The Bryan DeMarcos of the world deserve some support and help with expenses. He was an NFL lineman a decade ago, and now he can’t put on a shirt without help from his wife, and medical bills have forced he and his family to live with literally no money. The people Kramer describes here, those who are ‘the man’ and too good to ‘sell tires’, deserve nothing.

WSCR’s afternoon team of Dan Bernstein and Terry Boers made a great point: lets focus on taking care of soldiers who come home from overseas with no medical insurance before we focus on some washed-up old douchebag who thinks he’s better than the 16-year old kid who’s flipping burgers just to help his family.

You can hear the whole interview here. The part I focused on is about halfway through.

the kobe trade and moronic sports fans

October 31, 2007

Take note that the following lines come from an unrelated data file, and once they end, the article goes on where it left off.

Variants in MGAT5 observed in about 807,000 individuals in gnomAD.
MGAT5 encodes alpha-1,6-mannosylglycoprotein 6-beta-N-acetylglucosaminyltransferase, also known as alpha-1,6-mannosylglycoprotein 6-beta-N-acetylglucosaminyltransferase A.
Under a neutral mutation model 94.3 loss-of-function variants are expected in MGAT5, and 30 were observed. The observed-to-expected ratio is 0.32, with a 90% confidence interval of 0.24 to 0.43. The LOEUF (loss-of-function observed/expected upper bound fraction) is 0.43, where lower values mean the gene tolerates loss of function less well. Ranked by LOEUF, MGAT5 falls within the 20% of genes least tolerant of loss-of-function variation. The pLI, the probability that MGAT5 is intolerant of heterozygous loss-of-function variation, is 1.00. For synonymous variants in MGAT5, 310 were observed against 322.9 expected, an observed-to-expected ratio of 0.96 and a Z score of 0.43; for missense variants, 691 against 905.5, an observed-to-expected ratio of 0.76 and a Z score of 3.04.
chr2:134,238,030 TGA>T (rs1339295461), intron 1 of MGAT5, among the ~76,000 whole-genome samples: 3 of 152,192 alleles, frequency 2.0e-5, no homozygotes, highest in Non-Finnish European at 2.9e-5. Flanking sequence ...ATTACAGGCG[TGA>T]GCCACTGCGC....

If you have any interest in either Chicago sports or the NBA, you know that there is rumored intense trade talks between the Bulls and Lakers involving Kobe Bryant.Personally, my feeling is that as long as a relatively strong nucleus is left in place, I’m all for dealing for Kobe. What do I mean by a relatively strong nucleus? Two of the following players have to remain Bulls: Luol Deng, Ben Gordon, Kirk Hinrich, Joakim Noah, Tyrus Thomas. It seems that Deng is the sticking point in the deal; the Lakers reportedly won’t make a deal without him, and the Bulls really don’t want to give him up. On top of that, Kobe has a no-trade clause, so if the Bulls were to offer up the farm for him, Kobe would nix the deal because his whole reason for demanding a trade is to be dealt to a winner, not another rebuilding project.But what gets me is the reaction from Bulls fans towards this possible deal. Talk among the majority of the fans is that they either don’t want Kobe or are not willing to deal guys like Deng, Thomas, or Gordon for him. Listen to sports radio. You’ll listen to callers to WSCR 670 am’s afternoon show with Terry Boers and Dan Bernstein, and you’ll hear callers who don’t want to trade Deng because he’s a blooming superstar. One guy said he didn’t want Kobe because he’s never shot 50 percent from the field. Another guy said the Bulls can’t deal Thomas because he’s going to be James Worthy, only better. A third caller said he didn’t want Kobe in his city because he ‘has a wife and daughter’ and he felt Kobe would threaten their safety. Seriously.Folks, let me break something down for you. This isn’t baseball or football; those are team games, where it doesn’t matter if you have the best player. A NFL team with LaDanian Tomlinson could start the season 4-3. A MLB team with A-Rod could win 70 games and finish last (see his stint in Texas). The NBA is different. As much as us fans love the ‘team concept’ and the idea of 12 guys, all working together and each functioning perfectly in their own role, if you have the chance to acquire one of the best players of all time in his prime, then you do it. With Kobe, the Bulls have things they haven’t had since their last championship team: